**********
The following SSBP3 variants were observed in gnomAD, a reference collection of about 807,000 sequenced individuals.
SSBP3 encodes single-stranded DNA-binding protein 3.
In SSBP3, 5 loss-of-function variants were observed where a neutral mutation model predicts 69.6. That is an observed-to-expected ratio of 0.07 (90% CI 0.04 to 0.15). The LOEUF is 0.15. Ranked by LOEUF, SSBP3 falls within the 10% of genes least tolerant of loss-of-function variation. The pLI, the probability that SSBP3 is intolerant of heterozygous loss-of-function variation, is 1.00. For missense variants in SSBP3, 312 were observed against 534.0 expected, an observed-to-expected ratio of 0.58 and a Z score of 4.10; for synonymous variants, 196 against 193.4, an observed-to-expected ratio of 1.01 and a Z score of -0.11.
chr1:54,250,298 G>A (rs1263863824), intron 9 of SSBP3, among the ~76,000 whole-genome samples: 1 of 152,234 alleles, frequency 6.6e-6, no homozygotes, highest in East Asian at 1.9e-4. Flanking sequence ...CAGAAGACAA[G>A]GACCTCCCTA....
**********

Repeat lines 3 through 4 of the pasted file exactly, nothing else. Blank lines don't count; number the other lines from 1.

In SSBP3, 5 loss-of-function variants were observed where a neutral mutation model predicts 69.6. That is an observed-to-expected ratio of 0.07 (90% CI 0.04 to 0.15). The LOEUF is 0.15. Ranked by LOEUF, SSBP3 falls within the 10% of genes least tolerant of loss-of-function variation. The pLI, the probability that SSBP3 is intolerant of heterozygous loss-of-function variation, is 1.00. For missense variants in SSBP3, 312 were observed against 534.0 expected, an observed-to-expected ratio of 0.58 and a Z score of 4.10; for synonymous variants, 196 against 193.4, an observed-to-expected ratio of 1.01 and a Z score of -0.11.
chr1:54,250,298 G>A (rs1263863824), intron 9 of SSBP3, among the ~76,000 whole-genome samples: 1 of 152,234 alleles, frequency 6.6e-6, no homozygotes, highest in East Asian at 1.9e-4. Flanking sequence ...CAGAAGACAA[G>A]GACCTCCCTA....